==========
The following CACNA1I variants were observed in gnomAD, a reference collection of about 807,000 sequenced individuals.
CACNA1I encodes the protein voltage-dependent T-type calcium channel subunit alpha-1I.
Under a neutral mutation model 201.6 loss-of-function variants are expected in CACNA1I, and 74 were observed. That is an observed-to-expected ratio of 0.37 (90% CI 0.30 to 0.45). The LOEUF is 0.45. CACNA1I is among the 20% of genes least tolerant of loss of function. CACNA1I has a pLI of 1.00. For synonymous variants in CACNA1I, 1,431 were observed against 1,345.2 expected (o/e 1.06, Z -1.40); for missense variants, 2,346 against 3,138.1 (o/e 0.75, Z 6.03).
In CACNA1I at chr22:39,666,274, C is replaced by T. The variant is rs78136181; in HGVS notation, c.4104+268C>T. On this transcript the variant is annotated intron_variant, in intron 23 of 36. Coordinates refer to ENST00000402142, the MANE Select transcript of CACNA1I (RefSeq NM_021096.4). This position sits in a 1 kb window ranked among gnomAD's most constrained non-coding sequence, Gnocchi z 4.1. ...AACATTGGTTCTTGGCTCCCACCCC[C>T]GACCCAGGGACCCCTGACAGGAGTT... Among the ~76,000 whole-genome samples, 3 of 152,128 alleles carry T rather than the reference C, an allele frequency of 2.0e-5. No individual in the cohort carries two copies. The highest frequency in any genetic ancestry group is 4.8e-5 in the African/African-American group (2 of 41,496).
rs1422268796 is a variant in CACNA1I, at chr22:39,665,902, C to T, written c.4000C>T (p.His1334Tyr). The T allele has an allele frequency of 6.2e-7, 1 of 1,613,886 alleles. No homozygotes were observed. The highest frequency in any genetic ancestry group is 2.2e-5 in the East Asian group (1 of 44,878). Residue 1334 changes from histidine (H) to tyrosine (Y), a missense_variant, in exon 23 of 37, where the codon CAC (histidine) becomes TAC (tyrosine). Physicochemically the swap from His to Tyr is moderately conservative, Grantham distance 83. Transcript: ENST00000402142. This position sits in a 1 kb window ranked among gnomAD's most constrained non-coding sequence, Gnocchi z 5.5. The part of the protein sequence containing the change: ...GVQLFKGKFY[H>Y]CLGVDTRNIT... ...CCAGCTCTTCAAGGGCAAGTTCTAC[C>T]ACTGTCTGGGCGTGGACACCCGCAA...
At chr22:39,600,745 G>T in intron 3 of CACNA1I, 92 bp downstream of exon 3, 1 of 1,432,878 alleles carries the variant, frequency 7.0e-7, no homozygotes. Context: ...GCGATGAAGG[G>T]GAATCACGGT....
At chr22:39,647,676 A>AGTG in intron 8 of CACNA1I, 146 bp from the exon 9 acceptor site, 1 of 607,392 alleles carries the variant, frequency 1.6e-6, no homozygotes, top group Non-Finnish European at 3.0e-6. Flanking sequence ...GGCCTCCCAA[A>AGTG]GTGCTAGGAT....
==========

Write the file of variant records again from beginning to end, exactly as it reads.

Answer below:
The following CACNA1I variants were observed in gnomAD, a reference collection of about 807,000 sequenced individuals.
CACNA1I encodes the protein voltage-dependent T-type calcium channel subunit alpha-1I.
Under a neutral mutation model 201.6 loss-of-function variants are expected in CACNA1I, and 74 were observed. That is an observed-to-expected ratio of 0.37 (90% CI 0.30 to 0.45). The LOEUF is 0.45. CACNA1I is among the 20% of genes least tolerant of loss of function. CACNA1I has a pLI of 1.00. For synonymous variants in CACNA1I, 1,431 were observed against 1,345.2 expected (o/e 1.06, Z -1.40); for missense variants, 2,346 against 3,138.1 (o/e 0.75, Z 6.03).
In CACNA1I at chr22:39,666,274, C is replaced by T. The variant is rs78136181; in HGVS notation, c.4104+268C>T. On this transcript the variant is annotated intron_variant, in intron 23 of 36. Coordinates refer to ENST00000402142, the MANE Select transcript of CACNA1I (RefSeq NM_021096.4). This position sits in a 1 kb window ranked among gnomAD's most constrained non-coding sequence, Gnocchi z 4.1. ...AACATTGGTTCTTGGCTCCCACCCC[C>T]GACCCAGGGACCCCTGACAGGAGTT... Among the ~76,000 whole-genome samples, 3 of 152,128 alleles carry T rather than the reference C, an allele frequency of 2.0e-5. No individual in the cohort carries two copies. The highest frequency in any genetic ancestry group is 4.8e-5 in the African/African-American group (2 of 41,496).
rs1422268796 is a variant in CACNA1I, at chr22:39,665,902, C to T, written c.4000C>T (p.His1334Tyr). The T allele has an allele frequency of 6.2e-7, 1 of 1,613,886 alleles. No homozygotes were observed. The highest frequency in any genetic ancestry group is 2.2e-5 in the East Asian group (1 of 44,878). Residue 1334 changes from histidine (H) to tyrosine (Y), a missense_variant, in exon 23 of 37, where the codon CAC (histidine) becomes TAC (tyrosine). Physicochemically the swap from His to Tyr is moderately conservative, Grantham distance 83. Transcript: ENST00000402142. This position sits in a 1 kb window ranked among gnomAD's most constrained non-coding sequence, Gnocchi z 5.5. The part of the protein sequence containing the change: ...GVQLFKGKFY[H>Y]CLGVDTRNIT... ...CCAGCTCTTCAAGGGCAAGTTCTAC[C>T]ACTGTCTGGGCGTGGACACCCGCAA...
At chr22:39,600,745 G>T in intron 3 of CACNA1I, 92 bp downstream of exon 3, 1 of 1,432,878 alleles carries the variant, frequency 7.0e-7, no homozygotes. Context: ...GCGATGAAGG[G>T]GAATCACGGT....
At chr22:39,647,676 A>AGTG in intron 8 of CACNA1I, 146 bp from the exon 9 acceptor site, 1 of 607,392 alleles carries the variant, frequency 1.6e-6, no homozygotes, top group Non-Finnish European at 3.0e-6. Flanking sequence ...GGCCTCCCAA[A>AGTG]GTGCTAGGAT....